4) Muckross Park Hotel & Spa, Killarney, Co. Kerry
Muckross Hotel was my favorite accommodation. The hotel was clean, the staff was friendly, the food was great, and the bed was very comfortable. We spent two nights here, and I wish we had longer. The hotel was beautiful. I did not spend time at the hotel spa, but it looked very lovely (although pricey). The staff was fabulous and brought our luggage to our room. The bathroom was, of course, large and beautiful. The location of Muckross Hotel was great. It was a five minute drive to Killarney city centre and was situated in Killarney National Park. Just around the corner from the hotel (seriously, a one minute walk) was a restaurant called Jarvey’s Rest. Several nights a week the restaurant plays live music with Irish dancing. We visited on Wednesday and Thursday nights and enjoyed the entertainment both evenings. It was an awesome Irish experience. The food was also a tasty bonus. We didn’t get a chance to spend time exploring Killarney, but it looked like a really neat place and would be somewhere I would stay again. Killarney was a great location for popular Irish tourism. While we stayed there we visited the Cliffs of Moher and Dingle Peninsula. Killarney has great access to the Ring of Kerry, but we didn’t have time to drive it this trip.
5) The Heritage Killenard, Killenard, Co. Laois
We spent our last night in Ireland at The Heritage. It was a beautiful hotel, and the staff went above and beyond for our needs. We had to check out at 2:30am to allow enough time at Dublin airport for our 6:00am flight, and the staff accommodated us and provided a small breakfast before we hit the road. It wasn’t required on their part at all, but it really made a difference to us. The room was large and comfortable. The bathroom was very spacious and had a lovely clawfoot tub. The Heritage had a spa as well that we did not indulge in. Overall, The Heritage was my second favorite accommodation of our trip. The hotel had a bar area on one side of the lobby and an elegant restaurant on the other. We ordered some food at the bar – it was decent. The location of The Heritage is similar to Kilronan Castle. There wasn’t much around, and it wasn’t near Dublin Airport. I really enjoyed the hotel itself, but if I had a 6:00am departing flight the next morning, I would stay closer to the airport next time.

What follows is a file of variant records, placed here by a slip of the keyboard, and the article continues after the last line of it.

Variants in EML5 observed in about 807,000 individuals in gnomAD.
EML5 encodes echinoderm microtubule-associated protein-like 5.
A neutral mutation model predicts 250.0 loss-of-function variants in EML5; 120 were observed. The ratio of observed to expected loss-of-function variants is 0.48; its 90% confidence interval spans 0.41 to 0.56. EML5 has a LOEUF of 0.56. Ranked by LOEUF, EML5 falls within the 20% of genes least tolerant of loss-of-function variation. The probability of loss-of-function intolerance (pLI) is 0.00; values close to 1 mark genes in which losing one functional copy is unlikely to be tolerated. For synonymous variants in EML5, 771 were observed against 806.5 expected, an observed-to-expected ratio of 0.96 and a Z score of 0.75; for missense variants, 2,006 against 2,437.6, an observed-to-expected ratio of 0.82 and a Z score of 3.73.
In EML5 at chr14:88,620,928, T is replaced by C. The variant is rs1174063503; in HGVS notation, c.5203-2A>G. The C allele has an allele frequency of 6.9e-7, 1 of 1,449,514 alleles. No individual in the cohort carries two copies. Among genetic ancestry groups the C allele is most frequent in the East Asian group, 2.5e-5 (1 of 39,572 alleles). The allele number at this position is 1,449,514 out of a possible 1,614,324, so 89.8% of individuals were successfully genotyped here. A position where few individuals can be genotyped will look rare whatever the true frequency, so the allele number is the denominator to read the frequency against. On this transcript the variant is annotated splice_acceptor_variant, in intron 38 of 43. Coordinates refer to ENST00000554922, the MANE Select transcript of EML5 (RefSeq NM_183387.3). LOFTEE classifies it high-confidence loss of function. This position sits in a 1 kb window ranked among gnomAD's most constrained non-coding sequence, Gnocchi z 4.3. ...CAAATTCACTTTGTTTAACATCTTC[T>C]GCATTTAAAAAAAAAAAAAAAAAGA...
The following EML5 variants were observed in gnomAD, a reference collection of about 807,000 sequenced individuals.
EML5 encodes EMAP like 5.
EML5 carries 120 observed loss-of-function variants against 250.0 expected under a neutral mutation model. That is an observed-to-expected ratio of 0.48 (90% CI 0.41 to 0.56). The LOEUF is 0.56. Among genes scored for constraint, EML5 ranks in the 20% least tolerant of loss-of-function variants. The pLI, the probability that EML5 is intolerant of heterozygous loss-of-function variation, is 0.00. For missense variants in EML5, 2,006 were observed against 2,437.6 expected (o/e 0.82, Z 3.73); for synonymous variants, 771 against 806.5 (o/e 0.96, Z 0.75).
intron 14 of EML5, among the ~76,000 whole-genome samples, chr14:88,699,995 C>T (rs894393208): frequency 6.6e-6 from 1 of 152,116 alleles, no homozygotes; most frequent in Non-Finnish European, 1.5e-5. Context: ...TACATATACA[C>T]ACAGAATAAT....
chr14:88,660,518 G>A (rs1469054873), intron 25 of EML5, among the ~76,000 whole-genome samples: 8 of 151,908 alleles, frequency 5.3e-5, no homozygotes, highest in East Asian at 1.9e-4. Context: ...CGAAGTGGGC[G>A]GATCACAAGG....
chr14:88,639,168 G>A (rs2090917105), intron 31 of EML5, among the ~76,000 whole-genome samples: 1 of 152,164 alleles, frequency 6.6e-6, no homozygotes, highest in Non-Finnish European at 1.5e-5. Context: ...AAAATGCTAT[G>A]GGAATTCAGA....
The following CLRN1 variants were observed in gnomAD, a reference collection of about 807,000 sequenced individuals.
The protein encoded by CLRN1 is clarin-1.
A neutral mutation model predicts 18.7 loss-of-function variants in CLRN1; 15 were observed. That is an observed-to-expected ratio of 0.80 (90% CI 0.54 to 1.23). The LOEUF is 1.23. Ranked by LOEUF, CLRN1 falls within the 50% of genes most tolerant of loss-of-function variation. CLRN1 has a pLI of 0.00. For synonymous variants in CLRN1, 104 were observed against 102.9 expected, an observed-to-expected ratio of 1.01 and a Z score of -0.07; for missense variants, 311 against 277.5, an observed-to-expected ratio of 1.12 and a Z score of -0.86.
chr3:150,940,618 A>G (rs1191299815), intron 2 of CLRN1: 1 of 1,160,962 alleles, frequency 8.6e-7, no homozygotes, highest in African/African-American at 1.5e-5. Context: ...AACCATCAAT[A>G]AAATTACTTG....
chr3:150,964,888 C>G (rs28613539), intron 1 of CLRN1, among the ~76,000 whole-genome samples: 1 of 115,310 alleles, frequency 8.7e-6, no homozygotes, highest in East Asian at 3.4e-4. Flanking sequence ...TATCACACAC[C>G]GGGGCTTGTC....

There is so much to see and do in Dublin. Depending on your interests, you could spend significant time exploring. We were more excited about seeing the green countryside of Ireland than the metropolitan areas, but Dublin was amazing. We spent one full day there and ended with enough left for a second day. The building architecture is breathtaking. I will outline the few tourist attractions we had the opportunity to visit.
The College was so neat. The long room library, housing around 200,000 books, was magnificent. As it has been referred to many times, it seemed to be straight out of Harry Potter. The Book of Kells (a lavishly decorated Latin copy of the four gospels) is also on display at Trinity College. It is a beautiful book. Trinity College, in my opinion, was worth the time we spent there. There was a short queue to enter the exhibit (about 10-15 minutes). I would say we spent about an hour at the College, so it’s not a very time-consuming endeavor.
– Grafton Street:
The Street is a fun shopping area. It is a great opportunity to buy souvenirs for yourself or family, although you will have many more opportunities if you plan to visit any of the other large cities. We heard a lot of live music while traversing Grafton Street. It was exciting to see Irish street performers. If you love shopping and plan to do so in Ireland, Grafton Street is great. I wouldn’t feel the need to visit the Street again, but as I said it depends on your interests.
– Dublin Castle:
We didn’t pay the entrance fee to explore inside the castle, but it was very cool on the exterior. If you’re nearby and are interested in castle architecture, it is worth your time to swing by. We only spent about 15 minutes walking around the castle before we headed on our way to Christ Church Cathedral.
– Christ Church Cathedral:
We stumbled upon Christ Church Cathedral and were so glad we did. We didn’t intend to visit during our planning of the vacation, but this cathedral is truly magnificent. The architecture is awe-inspiring. We paid the entrance fee here and explored inside. The Church has a crypt in the basement that was so interesting. The earliest manuscript dates the cathedral to its present location around the year 1030. There is so much history and beauty to see here. Even if you are not a religious person, the cathedral can be appreciated for its breathtaking architecture and attention to detail. I was amazed even by the floor tiles. It also has a great location, nearby Dublin Castle and Temple Bar, so it’s easy to visit. I would estimate we spent 1-2 hours here with stopping to take photos and read plaques.
– Temple Bar:
Temple Bar is a really neat area. The buildings are so brightly painted and decorated. We went into the restaurant to try to have lunch, but it was packed with people listening to live music. We ended up deciding to eat right next to Temple Bar at the Shack Restaurant. We indulged in bangers and mash (Irish pork sausage and mashed potatoes), and it was really tasty. It’s a cool area to snap a photo outside of Temple Bar, but we didn’t really see much else to do there.
– St. Patrick’s Cathedral:
Another beautifully crafted church in Dublin. That seems to be the theme! Admission to St. Patrick’s was included with our package cost, so we made sure to stop there. It was very cool, similar in content and design to Christ Church Cathedral. I would say overall I enjoyed Christ Church more, but St. Patrick’s is very lovely as well. The stained glass was intricate and colorful. St. Patrick’s Cathedral was our last stop in Dublin for the day, and by that point we were tiring out. We spent ~30 minutes here before making our way back to Pearse Station to take the DART and getting lost in the process. Losing your way is all part of the fun though! We were exhausted at the end of the day, but all the walking was worth it to see the beautiful city of Dublin.